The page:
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Computer Equipment 4: Email

It is to your advantage to have an email account that you can check from anywhere. Our online students often do their work for classes from different places at different times (at work, at home, even on vacation), which makes having a web-based email account useful. You must have a working email account in order to take online classes at Westmoreland, so the college provides a free one for you. This is the only email account that is used for communication in online classes at Westmoreland.

For more information on your college email account view the Getting Started document by clicking here.

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What Terminology should I know?

Term Description
Attachment

A file that is sent along with an email or Discussion Board message.

Bookmark

A bookmark acts like a shortcut to a web site.  Internet Explorer calls this a "Favorite" while Safari calls it a "Bookmark." Either way, it will allow you to revisit a web page at a later date without having to remember the URL to the page.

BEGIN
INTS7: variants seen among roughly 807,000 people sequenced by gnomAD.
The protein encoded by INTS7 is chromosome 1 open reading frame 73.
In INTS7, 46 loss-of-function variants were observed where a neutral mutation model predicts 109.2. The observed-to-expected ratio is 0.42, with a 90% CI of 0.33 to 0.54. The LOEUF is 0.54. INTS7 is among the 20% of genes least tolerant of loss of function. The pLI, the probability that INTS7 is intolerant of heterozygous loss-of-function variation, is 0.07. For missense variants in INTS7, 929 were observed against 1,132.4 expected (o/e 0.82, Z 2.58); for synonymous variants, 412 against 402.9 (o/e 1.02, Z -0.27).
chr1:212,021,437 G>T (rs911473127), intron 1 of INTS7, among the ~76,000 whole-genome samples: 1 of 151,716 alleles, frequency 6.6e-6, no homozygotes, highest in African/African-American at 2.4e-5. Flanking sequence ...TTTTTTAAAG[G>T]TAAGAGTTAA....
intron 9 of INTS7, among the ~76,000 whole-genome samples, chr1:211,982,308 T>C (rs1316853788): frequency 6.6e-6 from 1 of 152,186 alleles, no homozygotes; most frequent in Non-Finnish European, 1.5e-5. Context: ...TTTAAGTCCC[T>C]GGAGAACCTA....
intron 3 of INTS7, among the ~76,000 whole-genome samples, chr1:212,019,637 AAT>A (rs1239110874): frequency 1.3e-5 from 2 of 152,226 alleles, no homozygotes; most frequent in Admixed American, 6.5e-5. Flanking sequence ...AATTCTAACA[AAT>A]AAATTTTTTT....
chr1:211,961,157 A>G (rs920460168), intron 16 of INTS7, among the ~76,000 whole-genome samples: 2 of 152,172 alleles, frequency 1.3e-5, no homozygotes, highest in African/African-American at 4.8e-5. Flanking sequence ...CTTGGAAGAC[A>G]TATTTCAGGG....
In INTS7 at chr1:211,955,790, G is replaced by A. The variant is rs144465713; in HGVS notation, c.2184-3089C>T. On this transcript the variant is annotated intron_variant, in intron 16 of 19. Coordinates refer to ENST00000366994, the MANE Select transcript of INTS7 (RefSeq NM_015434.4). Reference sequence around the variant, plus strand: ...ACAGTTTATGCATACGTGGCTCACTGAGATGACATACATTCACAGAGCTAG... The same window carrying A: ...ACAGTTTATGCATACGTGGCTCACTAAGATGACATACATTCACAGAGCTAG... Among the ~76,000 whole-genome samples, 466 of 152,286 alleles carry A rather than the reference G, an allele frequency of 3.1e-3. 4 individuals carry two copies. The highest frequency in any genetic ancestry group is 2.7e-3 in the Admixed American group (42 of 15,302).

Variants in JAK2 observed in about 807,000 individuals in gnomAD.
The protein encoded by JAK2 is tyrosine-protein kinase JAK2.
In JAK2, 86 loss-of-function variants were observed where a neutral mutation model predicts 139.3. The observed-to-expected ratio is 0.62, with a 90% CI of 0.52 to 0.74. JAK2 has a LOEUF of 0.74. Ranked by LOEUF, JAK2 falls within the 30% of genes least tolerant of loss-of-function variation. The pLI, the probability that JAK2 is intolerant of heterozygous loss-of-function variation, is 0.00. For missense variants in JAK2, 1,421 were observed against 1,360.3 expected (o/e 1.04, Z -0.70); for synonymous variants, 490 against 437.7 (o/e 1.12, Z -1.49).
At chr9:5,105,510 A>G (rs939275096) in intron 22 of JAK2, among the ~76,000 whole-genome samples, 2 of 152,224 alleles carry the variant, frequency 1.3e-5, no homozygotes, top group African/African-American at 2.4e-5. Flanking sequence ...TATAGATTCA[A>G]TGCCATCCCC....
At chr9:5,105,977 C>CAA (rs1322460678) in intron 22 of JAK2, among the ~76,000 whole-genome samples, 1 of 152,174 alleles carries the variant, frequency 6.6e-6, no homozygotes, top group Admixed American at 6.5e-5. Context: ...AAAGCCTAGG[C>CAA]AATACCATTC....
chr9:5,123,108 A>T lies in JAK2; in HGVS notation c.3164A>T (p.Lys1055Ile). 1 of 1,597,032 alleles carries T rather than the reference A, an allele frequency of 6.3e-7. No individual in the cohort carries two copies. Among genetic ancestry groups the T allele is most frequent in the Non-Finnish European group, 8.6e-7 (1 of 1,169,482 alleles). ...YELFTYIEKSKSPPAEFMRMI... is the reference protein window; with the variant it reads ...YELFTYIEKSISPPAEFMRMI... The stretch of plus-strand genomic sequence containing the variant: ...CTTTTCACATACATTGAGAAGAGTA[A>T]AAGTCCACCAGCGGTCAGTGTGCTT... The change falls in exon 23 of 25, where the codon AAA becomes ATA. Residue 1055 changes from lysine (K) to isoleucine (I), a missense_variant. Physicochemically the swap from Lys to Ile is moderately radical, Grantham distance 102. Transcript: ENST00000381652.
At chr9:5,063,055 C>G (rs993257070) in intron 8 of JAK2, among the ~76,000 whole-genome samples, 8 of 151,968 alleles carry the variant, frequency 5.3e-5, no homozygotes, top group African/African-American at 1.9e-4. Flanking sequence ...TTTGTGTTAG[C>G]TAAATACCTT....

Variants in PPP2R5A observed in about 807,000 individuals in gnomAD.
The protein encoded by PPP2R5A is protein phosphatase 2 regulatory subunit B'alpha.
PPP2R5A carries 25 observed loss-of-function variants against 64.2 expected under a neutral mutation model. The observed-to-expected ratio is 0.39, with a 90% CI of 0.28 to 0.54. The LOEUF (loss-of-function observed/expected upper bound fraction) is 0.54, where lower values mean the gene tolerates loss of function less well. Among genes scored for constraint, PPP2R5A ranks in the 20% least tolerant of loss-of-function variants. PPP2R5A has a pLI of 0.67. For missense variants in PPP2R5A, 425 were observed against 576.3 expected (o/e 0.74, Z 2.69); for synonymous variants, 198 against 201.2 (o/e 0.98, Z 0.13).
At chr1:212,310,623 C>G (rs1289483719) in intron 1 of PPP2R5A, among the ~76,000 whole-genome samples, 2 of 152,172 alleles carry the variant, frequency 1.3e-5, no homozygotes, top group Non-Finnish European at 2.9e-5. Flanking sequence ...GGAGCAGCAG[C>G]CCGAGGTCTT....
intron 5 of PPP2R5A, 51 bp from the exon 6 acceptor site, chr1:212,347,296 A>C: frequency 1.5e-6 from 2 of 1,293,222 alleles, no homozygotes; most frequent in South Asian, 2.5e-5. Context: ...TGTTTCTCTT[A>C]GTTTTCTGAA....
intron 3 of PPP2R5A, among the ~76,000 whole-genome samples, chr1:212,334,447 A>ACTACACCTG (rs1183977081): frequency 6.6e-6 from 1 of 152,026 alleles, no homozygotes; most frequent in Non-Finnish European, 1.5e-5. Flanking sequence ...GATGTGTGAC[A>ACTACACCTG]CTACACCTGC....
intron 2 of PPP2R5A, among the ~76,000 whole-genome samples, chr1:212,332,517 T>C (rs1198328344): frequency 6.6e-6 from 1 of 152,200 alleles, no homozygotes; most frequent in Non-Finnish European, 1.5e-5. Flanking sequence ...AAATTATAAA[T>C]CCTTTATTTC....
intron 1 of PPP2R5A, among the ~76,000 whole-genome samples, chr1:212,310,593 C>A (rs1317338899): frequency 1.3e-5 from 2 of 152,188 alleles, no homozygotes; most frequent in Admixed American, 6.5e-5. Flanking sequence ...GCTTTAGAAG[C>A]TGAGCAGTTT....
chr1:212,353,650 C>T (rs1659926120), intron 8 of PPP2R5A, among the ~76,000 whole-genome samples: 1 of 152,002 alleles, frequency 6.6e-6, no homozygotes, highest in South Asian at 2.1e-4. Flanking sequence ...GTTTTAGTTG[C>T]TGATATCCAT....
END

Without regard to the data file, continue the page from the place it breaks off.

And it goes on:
Browser

A browser, or web browser, is a program that allows people to interface to the World Wide Web allowing you to view web sites and move from one site to another.  Two examples would be Microsoft Internet Explorer or Safari

Chat

Real-time communication between two people via computer. Once a chat has been initiated, either person can enter text by typing on the keyboard, and the entered text will appear on the other person's monitor.

Cookies

A cookie, also known as an HTTP cookie, web cookie, or browser cookie, is a small piece of data sent from a website and stored in a user's web browser while the user is browsing that website. Every time the user loads the website, the browser sends the cookie back to the server to notify the website of the user's previous activity.